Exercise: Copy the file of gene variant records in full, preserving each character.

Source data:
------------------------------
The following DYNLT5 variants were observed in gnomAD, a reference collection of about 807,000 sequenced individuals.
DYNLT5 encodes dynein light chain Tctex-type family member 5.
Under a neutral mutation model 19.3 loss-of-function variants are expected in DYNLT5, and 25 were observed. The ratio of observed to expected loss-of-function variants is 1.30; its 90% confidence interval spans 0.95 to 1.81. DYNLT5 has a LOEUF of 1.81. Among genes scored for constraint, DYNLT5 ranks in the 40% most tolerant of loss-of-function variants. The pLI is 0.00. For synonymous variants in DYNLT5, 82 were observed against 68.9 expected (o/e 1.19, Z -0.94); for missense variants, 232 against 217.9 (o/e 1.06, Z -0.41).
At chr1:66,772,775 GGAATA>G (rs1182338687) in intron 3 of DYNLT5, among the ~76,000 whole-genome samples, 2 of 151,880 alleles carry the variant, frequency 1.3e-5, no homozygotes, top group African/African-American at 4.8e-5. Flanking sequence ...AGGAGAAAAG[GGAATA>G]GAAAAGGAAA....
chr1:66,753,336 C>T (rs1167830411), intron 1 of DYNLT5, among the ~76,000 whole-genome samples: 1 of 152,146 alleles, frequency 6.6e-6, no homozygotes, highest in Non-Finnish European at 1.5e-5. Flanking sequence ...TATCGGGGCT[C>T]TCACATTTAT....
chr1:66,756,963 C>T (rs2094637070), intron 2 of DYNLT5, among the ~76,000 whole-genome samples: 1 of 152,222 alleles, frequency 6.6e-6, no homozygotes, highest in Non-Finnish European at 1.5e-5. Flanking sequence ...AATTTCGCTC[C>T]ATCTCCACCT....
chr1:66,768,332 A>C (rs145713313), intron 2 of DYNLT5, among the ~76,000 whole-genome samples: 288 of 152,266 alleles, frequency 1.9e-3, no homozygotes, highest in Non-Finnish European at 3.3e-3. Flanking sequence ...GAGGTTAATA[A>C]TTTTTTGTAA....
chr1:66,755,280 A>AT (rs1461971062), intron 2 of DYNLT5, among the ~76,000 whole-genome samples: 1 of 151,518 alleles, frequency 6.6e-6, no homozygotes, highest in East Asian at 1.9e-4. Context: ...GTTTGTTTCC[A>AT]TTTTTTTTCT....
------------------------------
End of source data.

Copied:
The following DYNLT5 variants were observed in gnomAD, a reference collection of about 807,000 sequenced individuals.
DYNLT5 encodes dynein light chain Tctex-type family member 5.
Under a neutral mutation model 19.3 loss-of-function variants are expected in DYNLT5, and 25 were observed. The ratio of observed to expected loss-of-function variants is 1.30; its 90% confidence interval spans 0.95 to 1.81. DYNLT5 has a LOEUF of 1.81. Among genes scored for constraint, DYNLT5 ranks in the 40% most tolerant of loss-of-function variants. The pLI is 0.00. For synonymous variants in DYNLT5, 82 were observed against 68.9 expected (o/e 1.19, Z -0.94); for missense variants, 232 against 217.9 (o/e 1.06, Z -0.41).
At chr1:66,772,775 GGAATA>G (rs1182338687) in intron 3 of DYNLT5, among the ~76,000 whole-genome samples, 2 of 151,880 alleles carry the variant, frequency 1.3e-5, no homozygotes, top group African/African-American at 4.8e-5. Flanking sequence ...AGGAGAAAAG[GGAATA>G]GAAAAGGAAA....
chr1:66,753,336 C>T (rs1167830411), intron 1 of DYNLT5, among the ~76,000 whole-genome samples: 1 of 152,146 alleles, frequency 6.6e-6, no homozygotes, highest in Non-Finnish European at 1.5e-5. Flanking sequence ...TATCGGGGCT[C>T]TCACATTTAT....
chr1:66,756,963 C>T (rs2094637070), intron 2 of DYNLT5, among the ~76,000 whole-genome samples: 1 of 152,222 alleles, frequency 6.6e-6, no homozygotes, highest in Non-Finnish European at 1.5e-5. Flanking sequence ...AATTTCGCTC[C>T]ATCTCCACCT....
chr1:66,768,332 A>C (rs145713313), intron 2 of DYNLT5, among the ~76,000 whole-genome samples: 288 of 152,266 alleles, frequency 1.9e-3, no homozygotes, highest in Non-Finnish European at 3.3e-3. Flanking sequence ...GAGGTTAATA[A>C]TTTTTTGTAA....
chr1:66,755,280 A>AT (rs1461971062), intron 2 of DYNLT5, among the ~76,000 whole-genome samples: 1 of 151,518 alleles, frequency 6.6e-6, no homozygotes, highest in East Asian at 1.9e-4. Context: ...GTTTGTTTCC[A>AT]TTTTTTTTCT....